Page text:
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'Not a parallel with NSA'

Gabriel DomínguezMay 21, 2014

China has denied US cyberspying charges against five of its army officers, accusing Washington of hypocrisy. But analyst James Lewis says the US draws a critical line between espionage for political and commercial aims.

Image: Fotolia/apops

On Monday, May 19, the United States charged Chinese military officials with hacking into US companies to steal vital trade secrets. The criminal indictment alleges that the five officers of the People's Liberation Army [Unit 61398 in Shaghai] "maintained unauthorized access to victim computers to steal information from these entities that would be useful to their competitors in China, including state-owned enterprises," US Attorney General Eric Holder said. The alleged targets were Alcoa World Alumina, Westinghouse Electric Co., Allegheny Technologies, U.S. Steel Corp., the United Steelworkers Union and SolarWorld.

The indictment, which includes charges of trade-secret theft and economic espionage, was issued in Pittsburgh, where most of the companies are based. China denied it all, saying the charges were "purely ungrounded and absurd."

In a DW interview, James Lewis, director of the Strategic Technologies Program at the Washington-based Center for Strategic and International Studies (CSIS) and US President Barack Obama's former cyber security advisor, says the US wants to send a message to China to stop stealing economic secrets and abide by international laws forbidding the theft of intellectual property.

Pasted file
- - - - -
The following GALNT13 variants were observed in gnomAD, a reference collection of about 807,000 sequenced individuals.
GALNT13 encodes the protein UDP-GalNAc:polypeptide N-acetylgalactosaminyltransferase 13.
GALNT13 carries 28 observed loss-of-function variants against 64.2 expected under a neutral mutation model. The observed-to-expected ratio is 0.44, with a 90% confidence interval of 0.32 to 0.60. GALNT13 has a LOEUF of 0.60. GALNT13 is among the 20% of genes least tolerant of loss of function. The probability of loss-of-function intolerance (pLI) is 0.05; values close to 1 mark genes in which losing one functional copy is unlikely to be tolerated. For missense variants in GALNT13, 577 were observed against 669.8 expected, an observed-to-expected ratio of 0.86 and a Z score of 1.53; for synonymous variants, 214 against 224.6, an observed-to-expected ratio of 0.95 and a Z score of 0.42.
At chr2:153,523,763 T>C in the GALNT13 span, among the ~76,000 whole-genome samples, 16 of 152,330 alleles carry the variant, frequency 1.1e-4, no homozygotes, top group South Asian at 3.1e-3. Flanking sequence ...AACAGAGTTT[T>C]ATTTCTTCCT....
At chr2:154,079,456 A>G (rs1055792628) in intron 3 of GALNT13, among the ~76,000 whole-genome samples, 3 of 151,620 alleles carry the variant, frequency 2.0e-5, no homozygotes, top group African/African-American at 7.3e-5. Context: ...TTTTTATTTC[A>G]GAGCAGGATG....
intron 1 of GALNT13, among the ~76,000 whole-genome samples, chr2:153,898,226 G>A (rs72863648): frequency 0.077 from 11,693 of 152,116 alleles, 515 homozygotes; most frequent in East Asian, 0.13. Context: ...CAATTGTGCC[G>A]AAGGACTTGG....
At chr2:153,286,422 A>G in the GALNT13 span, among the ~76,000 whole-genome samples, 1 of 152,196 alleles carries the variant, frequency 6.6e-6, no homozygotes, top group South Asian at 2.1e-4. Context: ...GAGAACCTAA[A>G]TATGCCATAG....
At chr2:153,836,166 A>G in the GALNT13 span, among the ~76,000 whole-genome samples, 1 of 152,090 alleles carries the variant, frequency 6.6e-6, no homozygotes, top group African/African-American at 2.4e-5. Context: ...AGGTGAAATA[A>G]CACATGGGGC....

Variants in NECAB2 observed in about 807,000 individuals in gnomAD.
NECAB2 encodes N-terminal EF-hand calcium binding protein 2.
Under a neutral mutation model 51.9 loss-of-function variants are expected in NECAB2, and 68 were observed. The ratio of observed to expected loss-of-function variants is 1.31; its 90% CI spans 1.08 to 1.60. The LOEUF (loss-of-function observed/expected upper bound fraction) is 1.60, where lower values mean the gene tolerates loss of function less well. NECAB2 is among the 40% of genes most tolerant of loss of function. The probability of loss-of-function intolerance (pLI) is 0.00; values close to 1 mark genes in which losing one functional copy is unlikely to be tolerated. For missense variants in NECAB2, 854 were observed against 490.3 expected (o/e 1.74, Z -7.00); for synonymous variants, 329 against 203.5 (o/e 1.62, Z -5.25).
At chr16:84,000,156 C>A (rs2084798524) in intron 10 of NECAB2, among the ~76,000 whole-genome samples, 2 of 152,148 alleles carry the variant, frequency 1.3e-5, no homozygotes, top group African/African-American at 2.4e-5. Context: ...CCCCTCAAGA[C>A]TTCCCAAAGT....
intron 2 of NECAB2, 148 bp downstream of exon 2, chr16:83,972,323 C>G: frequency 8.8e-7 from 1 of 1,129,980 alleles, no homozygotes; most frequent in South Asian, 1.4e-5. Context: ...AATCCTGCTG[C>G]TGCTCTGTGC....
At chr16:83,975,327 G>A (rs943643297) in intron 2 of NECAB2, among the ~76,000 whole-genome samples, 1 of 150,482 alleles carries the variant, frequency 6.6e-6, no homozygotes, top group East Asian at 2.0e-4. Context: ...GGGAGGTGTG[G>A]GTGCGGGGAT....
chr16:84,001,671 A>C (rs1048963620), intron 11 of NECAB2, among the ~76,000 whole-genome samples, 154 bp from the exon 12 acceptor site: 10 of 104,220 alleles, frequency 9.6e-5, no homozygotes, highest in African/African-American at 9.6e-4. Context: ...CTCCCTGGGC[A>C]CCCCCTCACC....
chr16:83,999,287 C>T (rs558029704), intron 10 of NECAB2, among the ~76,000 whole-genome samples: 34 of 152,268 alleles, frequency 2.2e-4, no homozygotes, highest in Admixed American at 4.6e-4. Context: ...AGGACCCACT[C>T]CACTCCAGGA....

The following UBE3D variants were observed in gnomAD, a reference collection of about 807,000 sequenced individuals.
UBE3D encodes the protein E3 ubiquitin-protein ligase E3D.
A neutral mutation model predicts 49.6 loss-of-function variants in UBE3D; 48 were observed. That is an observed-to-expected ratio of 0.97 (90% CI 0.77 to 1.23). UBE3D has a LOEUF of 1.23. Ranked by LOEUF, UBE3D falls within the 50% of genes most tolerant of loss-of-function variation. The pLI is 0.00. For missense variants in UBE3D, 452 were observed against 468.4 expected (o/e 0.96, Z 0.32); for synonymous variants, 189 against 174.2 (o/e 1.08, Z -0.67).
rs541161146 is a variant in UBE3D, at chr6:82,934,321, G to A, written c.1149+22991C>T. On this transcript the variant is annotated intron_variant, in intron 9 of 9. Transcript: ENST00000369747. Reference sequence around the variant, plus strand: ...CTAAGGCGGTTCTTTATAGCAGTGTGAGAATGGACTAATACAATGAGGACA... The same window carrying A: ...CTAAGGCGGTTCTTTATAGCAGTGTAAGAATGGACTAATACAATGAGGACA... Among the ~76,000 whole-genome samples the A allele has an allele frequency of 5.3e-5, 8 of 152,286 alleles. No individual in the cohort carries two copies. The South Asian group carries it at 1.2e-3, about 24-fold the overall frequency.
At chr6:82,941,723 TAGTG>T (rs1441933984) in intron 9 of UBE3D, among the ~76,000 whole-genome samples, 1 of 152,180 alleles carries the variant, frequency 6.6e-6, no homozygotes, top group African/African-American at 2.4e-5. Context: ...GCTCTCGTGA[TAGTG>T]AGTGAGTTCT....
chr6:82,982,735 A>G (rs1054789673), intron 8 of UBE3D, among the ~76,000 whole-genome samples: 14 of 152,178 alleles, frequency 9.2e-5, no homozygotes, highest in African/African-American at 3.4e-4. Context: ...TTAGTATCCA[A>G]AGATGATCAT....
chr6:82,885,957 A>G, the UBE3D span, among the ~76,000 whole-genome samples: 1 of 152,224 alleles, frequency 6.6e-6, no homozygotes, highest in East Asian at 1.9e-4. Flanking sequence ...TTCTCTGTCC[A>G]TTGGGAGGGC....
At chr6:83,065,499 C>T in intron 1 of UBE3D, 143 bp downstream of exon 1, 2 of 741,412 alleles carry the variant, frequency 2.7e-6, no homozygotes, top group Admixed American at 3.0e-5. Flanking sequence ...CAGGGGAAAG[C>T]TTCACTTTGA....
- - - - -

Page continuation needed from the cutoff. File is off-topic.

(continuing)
DW: Technically speaking, how is China spying on US companies?

James Lewis: The current technique is called "phishing." This involves sending emails that look legitimate, but when they are opened, they secretly infect the user's computer network with malware which, in turn, enables cyber-spies to exfiltrate information. They also use a social engineering trickery, such as sending an email with the words "click here to see next year's bonuses" written in the subject line. If you send it to 100 people a few will end up being tricked.

What sort of secrets did the five accused Chinese officers reportedly steal?

They are accused of stealing business confidential information such as a company's negotiating strategy or bottom line, and intellectual property that they then passed on to Chinese companies so they could build a competing product without having to invest in research and development.

Andrew Lewis, Internet und Cybersecurity-Experte am Center for Strategic and International Studies (CSIS) in Washington, Photo: CSIS.
Lewis: "If America went too far in political-military espionage, China has gone far too far in commercial espionage"Image: CSIS

What are the chances these five Chinese military officials will ever see the inside of a US courtroom?

Zero. The intent is to send a message to China's leaders. No one expects them to be extradited to stand trial.

Why is this latest case of cyber-espionage so significant?

The US has been talking to China about cyber-espionage for four years at the highest levels, including the presidential level. The Chinese haven't done anything about it. This is a way of reminding them that this is an important bilateral issue that won't simply go away.

China's defense ministry denied the charges and accused the US of "double standards," pointing to the leaks by former National Security Administration contractor Edward Snowden. What is your view on this?

The Chinese always say this. Twenty years ago for instance, when the US and other countries asked Beijing to stop selling missiles, the Foreign Ministry also said it was hypocrisy and a double standard. When the US asked them not to sell weapons to regimes which violate human rights, they said the same. The Chinese do more economic espionage against the US and other nations than all other countries combined. For instance, they are also going after German automobile technology now. If there is hypocrisy, it is in Beijing. China needs to become a country that follows the rule of law.